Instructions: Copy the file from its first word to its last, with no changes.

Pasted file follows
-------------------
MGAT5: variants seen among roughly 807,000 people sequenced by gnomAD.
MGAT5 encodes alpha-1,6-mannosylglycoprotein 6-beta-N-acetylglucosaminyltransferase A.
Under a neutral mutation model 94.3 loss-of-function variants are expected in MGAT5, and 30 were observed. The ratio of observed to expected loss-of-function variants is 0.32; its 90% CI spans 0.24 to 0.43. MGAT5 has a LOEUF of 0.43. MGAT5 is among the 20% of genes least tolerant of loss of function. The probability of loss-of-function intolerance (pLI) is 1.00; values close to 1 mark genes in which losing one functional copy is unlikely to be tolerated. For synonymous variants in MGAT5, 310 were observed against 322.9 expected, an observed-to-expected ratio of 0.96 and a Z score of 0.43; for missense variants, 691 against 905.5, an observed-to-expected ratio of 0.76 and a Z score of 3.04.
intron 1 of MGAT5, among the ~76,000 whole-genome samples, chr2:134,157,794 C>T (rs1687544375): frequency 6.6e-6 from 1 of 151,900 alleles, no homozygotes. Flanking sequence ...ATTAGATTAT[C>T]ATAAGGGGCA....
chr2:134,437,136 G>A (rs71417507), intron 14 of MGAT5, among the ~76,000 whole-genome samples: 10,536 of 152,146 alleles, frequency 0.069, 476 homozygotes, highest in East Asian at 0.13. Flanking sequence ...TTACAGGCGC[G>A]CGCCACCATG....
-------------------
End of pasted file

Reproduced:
MGAT5: variants seen among roughly 807,000 people sequenced by gnomAD.
MGAT5 encodes alpha-1,6-mannosylglycoprotein 6-beta-N-acetylglucosaminyltransferase A.
Under a neutral mutation model 94.3 loss-of-function variants are expected in MGAT5, and 30 were observed. The ratio of observed to expected loss-of-function variants is 0.32; its 90% CI spans 0.24 to 0.43. MGAT5 has a LOEUF of 0.43. MGAT5 is among the 20% of genes least tolerant of loss of function. The probability of loss-of-function intolerance (pLI) is 1.00; values close to 1 mark genes in which losing one functional copy is unlikely to be tolerated. For synonymous variants in MGAT5, 310 were observed against 322.9 expected, an observed-to-expected ratio of 0.96 and a Z score of 0.43; for missense variants, 691 against 905.5, an observed-to-expected ratio of 0.76 and a Z score of 3.04.
intron 1 of MGAT5, among the ~76,000 whole-genome samples, chr2:134,157,794 C>T (rs1687544375): frequency 6.6e-6 from 1 of 151,900 alleles, no homozygotes. Flanking sequence ...ATTAGATTAT[C>T]ATAAGGGGCA....
chr2:134,437,136 G>A (rs71417507), intron 14 of MGAT5, among the ~76,000 whole-genome samples: 10,536 of 152,146 alleles, frequency 0.069, 476 homozygotes, highest in East Asian at 0.13. Flanking sequence ...TTACAGGCGC[G>A]CGCCACCATG....